The Food and Drug Administration (FDA) has approved hCG injections to treat specific medical conditions. In females assigned at birth (FAABs), they can help treat infertility. In males assigned at birth (MAABs), they can treat a type of hypogonadism.

Human chorionic gonadotropin (hCG) is sometimes called “the pregnancy hormone” because of its important role in maintaining pregnancy.

Pregnancy tests check hCG levels in the urine or blood to determine if a person is pregnant or not.

Read on to learn how it can be used for MAABs.

There are a variety of reasons why a doctor might prescribe hCG to a man.

To help address hypogonadism

In men, doctors prescribe hCG to help address the symptoms of hypogonadism, such as low testosterone and infertility. hCG can help the body increase its production of testosterone and sperm, which can help reduce infertility.

To improve testosterone deficiency

Injections of hCG are also sometimes used as an alternative to testosterone products in MAABs with testosterone deficiency.

Testosterone deficiency is defined as testosterone blood levels less than 300 nanograms per deciliter (ng/dL) along with symptoms of low testosterone. These include:

According to the American Urological Association, hCG is appropriate for those MAABs with testosterone deficiency who also desire to maintain fertility.

Testosterone products boost levels of the hormone in the body but can have the side effects of shrinking the gonads, altering sexual function, and causing infertility.

hCG can help increase:

  • gonad size
  • testosterone levels
  • fertility

Some doctors believe that using testosterone along with hCG may help improve symptoms of testosterone deficiency while preventing some of testosterone’s side effects.

To improve sexual function

hCG may also help improve sexual function in MAABs who don’t experience improvement while on testosterone.

To reverse steroid side effects

Bodybuilders who take anabolic steroids such as testosterone also sometimes use hCG to help prevent or reverse some of the side effects steroids cause, such as gonad shrinkage and infertility.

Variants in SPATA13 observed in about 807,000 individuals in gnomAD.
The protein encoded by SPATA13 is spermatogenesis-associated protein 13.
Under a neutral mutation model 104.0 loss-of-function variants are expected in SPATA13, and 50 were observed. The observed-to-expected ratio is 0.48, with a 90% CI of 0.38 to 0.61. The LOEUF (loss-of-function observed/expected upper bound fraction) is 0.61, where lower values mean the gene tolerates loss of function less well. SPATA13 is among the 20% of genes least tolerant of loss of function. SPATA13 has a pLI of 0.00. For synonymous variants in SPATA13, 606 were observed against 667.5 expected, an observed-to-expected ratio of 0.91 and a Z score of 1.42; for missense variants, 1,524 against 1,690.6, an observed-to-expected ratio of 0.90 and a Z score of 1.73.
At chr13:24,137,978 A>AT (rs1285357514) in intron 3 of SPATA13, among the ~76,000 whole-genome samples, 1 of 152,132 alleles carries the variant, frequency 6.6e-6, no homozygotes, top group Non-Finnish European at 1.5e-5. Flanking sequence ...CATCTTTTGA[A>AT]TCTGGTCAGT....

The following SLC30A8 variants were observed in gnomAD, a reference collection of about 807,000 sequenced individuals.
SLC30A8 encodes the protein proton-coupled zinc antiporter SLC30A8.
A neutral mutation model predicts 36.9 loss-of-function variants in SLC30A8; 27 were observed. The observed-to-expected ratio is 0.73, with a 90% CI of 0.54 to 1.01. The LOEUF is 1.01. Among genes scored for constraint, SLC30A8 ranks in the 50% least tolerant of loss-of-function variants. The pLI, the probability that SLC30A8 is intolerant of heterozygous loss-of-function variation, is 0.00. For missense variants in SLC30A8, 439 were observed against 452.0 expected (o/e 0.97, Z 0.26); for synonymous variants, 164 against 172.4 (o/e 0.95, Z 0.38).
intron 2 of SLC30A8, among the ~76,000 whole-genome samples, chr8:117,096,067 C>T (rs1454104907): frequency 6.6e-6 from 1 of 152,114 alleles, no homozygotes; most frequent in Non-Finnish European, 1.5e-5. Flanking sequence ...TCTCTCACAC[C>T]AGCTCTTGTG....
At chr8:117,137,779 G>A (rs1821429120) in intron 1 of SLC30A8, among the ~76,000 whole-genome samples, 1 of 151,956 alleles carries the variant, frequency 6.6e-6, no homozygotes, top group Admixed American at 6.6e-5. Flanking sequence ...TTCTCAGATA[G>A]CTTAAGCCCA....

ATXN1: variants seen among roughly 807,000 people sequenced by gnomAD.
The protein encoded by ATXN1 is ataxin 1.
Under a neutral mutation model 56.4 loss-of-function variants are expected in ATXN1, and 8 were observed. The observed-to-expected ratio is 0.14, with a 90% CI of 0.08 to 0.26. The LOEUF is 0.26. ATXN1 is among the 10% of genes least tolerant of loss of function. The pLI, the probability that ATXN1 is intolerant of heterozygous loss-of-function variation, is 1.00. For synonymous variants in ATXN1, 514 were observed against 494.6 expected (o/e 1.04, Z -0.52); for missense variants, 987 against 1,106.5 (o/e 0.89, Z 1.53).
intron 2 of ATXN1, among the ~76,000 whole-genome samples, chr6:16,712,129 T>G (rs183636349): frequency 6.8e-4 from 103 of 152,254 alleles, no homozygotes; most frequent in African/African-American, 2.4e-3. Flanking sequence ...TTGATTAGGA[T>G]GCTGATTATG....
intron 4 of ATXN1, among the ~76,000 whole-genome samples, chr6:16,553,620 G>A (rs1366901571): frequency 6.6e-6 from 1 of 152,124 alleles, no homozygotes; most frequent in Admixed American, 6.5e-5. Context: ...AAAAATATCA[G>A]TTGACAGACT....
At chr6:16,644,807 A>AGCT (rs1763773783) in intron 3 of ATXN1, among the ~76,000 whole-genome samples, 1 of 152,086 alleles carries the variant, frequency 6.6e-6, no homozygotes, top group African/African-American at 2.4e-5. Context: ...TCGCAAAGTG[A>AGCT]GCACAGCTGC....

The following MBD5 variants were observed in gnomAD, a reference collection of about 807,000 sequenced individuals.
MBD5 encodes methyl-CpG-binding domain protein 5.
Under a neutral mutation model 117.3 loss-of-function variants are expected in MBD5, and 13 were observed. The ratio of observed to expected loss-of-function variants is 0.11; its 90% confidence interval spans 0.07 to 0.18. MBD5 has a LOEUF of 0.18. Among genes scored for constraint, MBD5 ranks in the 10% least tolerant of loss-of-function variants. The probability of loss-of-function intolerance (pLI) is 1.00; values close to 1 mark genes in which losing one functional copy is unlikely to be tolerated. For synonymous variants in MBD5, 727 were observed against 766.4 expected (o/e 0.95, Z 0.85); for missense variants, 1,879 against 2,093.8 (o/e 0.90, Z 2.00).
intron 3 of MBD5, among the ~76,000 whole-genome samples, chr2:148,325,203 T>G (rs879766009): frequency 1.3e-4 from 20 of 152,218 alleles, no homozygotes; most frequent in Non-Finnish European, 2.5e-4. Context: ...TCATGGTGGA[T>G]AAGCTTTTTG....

In men, hCG acts like luteinizing hormone (LH). LH stimulates Leydig cells in the testicles, which results in the production of testosterone.

LH also stimulates production of sperm within structures in the testicles called seminiferous tubules.

As hCG stimulates the testicles to produce testosterone and sperm, the testicles grow in size over time.

Very little clinical research has evaluated hCG in MAABs with low testosterone levels.

In a small 2002 study of older MAABs with partial hypogonadism, hCG increased testosterone levels compared to a placebo control. However, hCG had no effect on sexual function.

In one 2005 study, MAABs taking testosterone along with hCG were able to maintain testosterone production in the testicles.

In a 2013 study, MAABs taking testosterone along with hCG were able to maintain adequate sperm production.

According to a 2018 study, hCG can help MAABs with hypogonadism preserve their fertility, whether it’s used alone or in combination with testosterone. It can help restore sperm production as well.

A small 2019 study concluded that hCG was safe and effective for MAABs who experience the symptoms of hypogonadism but have testosterone levels above 300 ng/dL. Testosterone levels above 300 ng/dL are widely considered normal.

For men, the most common side effects of hCG injections include:

  • gynecomastia, or the growth of male breasts
  • pain, redness, and swelling at the injection site
  • stomach pain
  • nausea
  • vomiting

In rare cases, people taking hCG have developed blood clots. Although also rare, allergic reactions can occur, including mild skin rashes and severe anaphylactic reactions.

hCG is sometimes used for weight loss. Several products are available that are marketed as over-the-counter (OTC) homeopathic hCG products for weight loss.

However, the FDA has warned that it hasn’t approved hCG products for the purpose of weight loss. Any OTC products claiming to contain hCG aren’t legally authorized, either.

The FDA has also advised consumers that there’s no substantial evidence that hCG works for weight loss.

These products are often used as part of an “hCG diet.” This typically involves taking hCG supplements while following a low calorie diet of 500 calories per day.

Although this low calorie diet can help reduce weight, there’s no evidence that using hCG products helps.

Additionally, this extremely low calorie diet can be unsafe for many people. Possible side effects of extremely restrictive diets include:

When used appropriately with the guidance of your doctor, hCG is safe.

It shouldn’t be used by MAABs with prostate cancer, certain brain cancers, or uncontrolled thyroid disease.

Talk with your doctor about other medical conditions you may have before using hCG.

hCG is produced from hamster ovary cells. People with an allergy to hamster protein shouldn’t take hCG.

You should avoid all OTC hCG products, since none of them have been FDA approved. The FDA warns against using these products or following the hCG diet.

hCG is an FDA-approved medication for treating specific conditions in both FAABs and men.

In men, it seems to have an important role as an alternative to testosterone for boosting testosterone levels and maintaining fertility.

Some doctors are prescribing it in conjunction with testosterone products for testosterone deficiency to help maintain fertility and sexual function.

Some people are also using hCG for weight loss, often as a component of the hCG diet. However, there’s no reliable evidence that hCG works for this purpose. Due to concerns about its safety, it should be avoided as a weight loss aid.